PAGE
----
So, there is dancing in the aisles over the (temporary) defeat of drone registrations.
Yes, Part 48 is a new rule contrary to Section 336. That was my argument in my response to the FAA when they announced the “emergency” rule with no public comments.
So, now while the combatants celebrate their win, let’s look at what has been set in motion. Drone registration is not dead, simply asleep.
This decision is fuel to Dianne Feinstein’s bill that would give low-altitude airspace control to local officials. Imagine how devastating that will be to the commercial drone industry. My base is Massachusetts. There are 295 towns and 56 cities in Massachusetts and I shudder to think I will have to license, permit and otherwise comply with 351 different sets of regulations? That would be business-ending. Ms. Feinstein’s bill, and it’s growing list of supporters should be raising all kinds of warning flags in the personal drone community, but most drone businesses, let alone hobby drone owners, won’t bother to let their legislators know what they think of this really dumb proposal.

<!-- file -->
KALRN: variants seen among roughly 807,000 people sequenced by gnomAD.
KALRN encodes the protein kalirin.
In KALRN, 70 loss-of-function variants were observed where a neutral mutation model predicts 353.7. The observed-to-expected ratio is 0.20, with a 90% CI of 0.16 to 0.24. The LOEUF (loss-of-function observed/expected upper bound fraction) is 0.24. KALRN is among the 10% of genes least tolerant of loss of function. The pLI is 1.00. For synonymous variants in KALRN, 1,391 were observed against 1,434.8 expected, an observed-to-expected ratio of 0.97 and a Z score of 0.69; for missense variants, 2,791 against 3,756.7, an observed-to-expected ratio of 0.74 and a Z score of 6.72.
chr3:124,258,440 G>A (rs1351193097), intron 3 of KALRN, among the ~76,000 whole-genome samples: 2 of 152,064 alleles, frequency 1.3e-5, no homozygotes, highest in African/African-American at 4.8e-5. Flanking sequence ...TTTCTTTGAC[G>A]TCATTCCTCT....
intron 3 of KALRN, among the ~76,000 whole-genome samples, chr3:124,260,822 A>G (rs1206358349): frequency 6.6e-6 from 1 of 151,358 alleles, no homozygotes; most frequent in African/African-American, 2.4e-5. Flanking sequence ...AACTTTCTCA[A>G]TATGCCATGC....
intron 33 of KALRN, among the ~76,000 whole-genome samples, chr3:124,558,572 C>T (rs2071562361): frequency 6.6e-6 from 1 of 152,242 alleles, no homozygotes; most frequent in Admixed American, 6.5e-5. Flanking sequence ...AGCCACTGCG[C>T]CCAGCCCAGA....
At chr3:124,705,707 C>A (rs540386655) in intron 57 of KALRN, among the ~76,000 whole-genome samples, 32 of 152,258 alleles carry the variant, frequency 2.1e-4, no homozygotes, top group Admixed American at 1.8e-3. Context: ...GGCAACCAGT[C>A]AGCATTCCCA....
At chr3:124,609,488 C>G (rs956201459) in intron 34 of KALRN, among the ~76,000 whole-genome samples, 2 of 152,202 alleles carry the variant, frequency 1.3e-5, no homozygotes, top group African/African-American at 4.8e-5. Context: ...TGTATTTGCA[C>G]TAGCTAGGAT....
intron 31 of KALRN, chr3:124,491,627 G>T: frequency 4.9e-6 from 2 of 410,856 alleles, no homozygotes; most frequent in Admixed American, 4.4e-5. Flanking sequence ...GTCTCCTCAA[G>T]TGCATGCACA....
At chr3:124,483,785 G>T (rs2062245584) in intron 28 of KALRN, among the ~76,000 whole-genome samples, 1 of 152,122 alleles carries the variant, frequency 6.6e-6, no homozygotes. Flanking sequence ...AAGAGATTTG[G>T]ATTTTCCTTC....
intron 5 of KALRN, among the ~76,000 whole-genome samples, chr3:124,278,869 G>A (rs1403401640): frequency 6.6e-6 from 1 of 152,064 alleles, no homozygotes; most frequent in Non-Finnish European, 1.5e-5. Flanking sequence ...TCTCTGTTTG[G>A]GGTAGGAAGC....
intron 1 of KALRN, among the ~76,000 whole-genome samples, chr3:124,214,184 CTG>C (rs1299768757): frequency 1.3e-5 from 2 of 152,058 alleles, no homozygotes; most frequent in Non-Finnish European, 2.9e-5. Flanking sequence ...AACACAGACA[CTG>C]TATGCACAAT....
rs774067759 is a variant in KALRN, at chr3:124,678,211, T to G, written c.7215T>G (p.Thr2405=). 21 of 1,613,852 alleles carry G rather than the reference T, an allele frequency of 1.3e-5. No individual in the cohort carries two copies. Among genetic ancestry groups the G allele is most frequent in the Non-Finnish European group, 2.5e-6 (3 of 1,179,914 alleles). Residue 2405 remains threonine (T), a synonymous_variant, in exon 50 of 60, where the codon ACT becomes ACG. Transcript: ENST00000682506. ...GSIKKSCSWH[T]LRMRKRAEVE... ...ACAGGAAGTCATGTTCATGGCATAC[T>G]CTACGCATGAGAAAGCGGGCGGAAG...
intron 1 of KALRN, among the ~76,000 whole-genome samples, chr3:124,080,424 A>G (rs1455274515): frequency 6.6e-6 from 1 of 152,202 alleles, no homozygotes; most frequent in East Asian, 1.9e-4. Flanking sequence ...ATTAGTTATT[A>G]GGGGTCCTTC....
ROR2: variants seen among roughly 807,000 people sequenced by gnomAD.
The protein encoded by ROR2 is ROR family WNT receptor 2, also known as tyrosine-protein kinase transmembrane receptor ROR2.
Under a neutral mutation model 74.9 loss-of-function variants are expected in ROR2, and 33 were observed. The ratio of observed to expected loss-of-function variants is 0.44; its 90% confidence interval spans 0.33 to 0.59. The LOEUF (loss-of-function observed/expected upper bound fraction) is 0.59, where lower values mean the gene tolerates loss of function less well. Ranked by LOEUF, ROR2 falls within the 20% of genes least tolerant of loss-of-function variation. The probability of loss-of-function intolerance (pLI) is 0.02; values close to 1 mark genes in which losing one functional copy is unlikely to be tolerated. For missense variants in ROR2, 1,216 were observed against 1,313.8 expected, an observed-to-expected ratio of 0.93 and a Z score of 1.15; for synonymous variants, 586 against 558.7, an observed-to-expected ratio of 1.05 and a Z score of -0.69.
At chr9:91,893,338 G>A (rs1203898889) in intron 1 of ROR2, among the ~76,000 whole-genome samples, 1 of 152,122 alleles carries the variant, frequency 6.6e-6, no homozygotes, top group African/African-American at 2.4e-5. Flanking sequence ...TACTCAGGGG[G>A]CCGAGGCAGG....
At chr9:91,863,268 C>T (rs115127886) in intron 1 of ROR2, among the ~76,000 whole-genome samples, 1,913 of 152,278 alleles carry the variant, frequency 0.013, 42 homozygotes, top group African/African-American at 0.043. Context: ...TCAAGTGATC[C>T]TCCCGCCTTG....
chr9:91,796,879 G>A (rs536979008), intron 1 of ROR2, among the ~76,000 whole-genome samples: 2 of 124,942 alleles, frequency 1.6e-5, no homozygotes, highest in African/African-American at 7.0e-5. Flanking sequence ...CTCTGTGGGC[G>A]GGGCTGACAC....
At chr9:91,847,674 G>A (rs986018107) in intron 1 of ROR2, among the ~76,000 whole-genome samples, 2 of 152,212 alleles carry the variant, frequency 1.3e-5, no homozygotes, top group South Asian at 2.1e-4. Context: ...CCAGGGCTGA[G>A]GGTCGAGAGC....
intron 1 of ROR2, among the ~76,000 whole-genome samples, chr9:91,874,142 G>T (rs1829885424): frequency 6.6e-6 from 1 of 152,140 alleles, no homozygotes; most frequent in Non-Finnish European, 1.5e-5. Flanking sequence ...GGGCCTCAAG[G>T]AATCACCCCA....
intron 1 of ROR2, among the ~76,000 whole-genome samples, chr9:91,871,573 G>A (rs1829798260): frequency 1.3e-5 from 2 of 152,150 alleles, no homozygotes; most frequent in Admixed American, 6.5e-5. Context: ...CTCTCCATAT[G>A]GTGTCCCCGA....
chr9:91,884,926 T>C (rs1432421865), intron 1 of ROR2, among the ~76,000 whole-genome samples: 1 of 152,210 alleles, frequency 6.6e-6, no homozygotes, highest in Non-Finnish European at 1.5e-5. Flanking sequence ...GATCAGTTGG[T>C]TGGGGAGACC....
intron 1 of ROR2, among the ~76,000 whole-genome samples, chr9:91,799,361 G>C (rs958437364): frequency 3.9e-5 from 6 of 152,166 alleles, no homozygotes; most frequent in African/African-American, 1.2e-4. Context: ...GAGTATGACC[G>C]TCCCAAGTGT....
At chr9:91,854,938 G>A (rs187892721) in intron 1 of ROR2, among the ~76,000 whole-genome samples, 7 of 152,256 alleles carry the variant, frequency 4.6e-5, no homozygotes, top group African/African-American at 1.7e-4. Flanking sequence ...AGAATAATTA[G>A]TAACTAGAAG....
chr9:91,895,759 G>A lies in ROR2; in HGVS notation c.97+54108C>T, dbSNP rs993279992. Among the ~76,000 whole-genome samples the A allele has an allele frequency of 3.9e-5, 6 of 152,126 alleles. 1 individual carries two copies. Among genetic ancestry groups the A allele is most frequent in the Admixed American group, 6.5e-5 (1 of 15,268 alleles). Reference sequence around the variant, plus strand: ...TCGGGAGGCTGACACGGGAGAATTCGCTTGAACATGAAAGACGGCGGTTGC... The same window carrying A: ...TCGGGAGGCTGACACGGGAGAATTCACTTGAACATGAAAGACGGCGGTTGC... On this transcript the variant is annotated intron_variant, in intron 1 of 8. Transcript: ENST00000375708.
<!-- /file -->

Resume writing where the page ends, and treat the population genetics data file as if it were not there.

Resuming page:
The sentiment behind Feinstein’s bill is an insight into what will happen next when the FAA looks to Congress for another vector into drone regulation. The solution is so simple- ask Congress to repeal Section 336 and let the FAA regulate hobby flight as any other aviation activity. Part 107 is structured in a way that would easily allow the FAA to encompass hobby flight. Not only will we see registration, but pilot certification as well. Even for hobby use.
In my post from last year: Ever wonder about the words: “remote pilot certificate with a small UAS rating”?, I explained that the FAA does not licence anything (there is one exception), everything they do is through certification. It appeared to me at the time that the FAA was setting up the pilot certification to be flexible enough to include hobby pilots.
“I fear all we have done is to awaken a sleeping giant.” (Isoroku Yamamoto)
Be careful what you wish for, you may get it.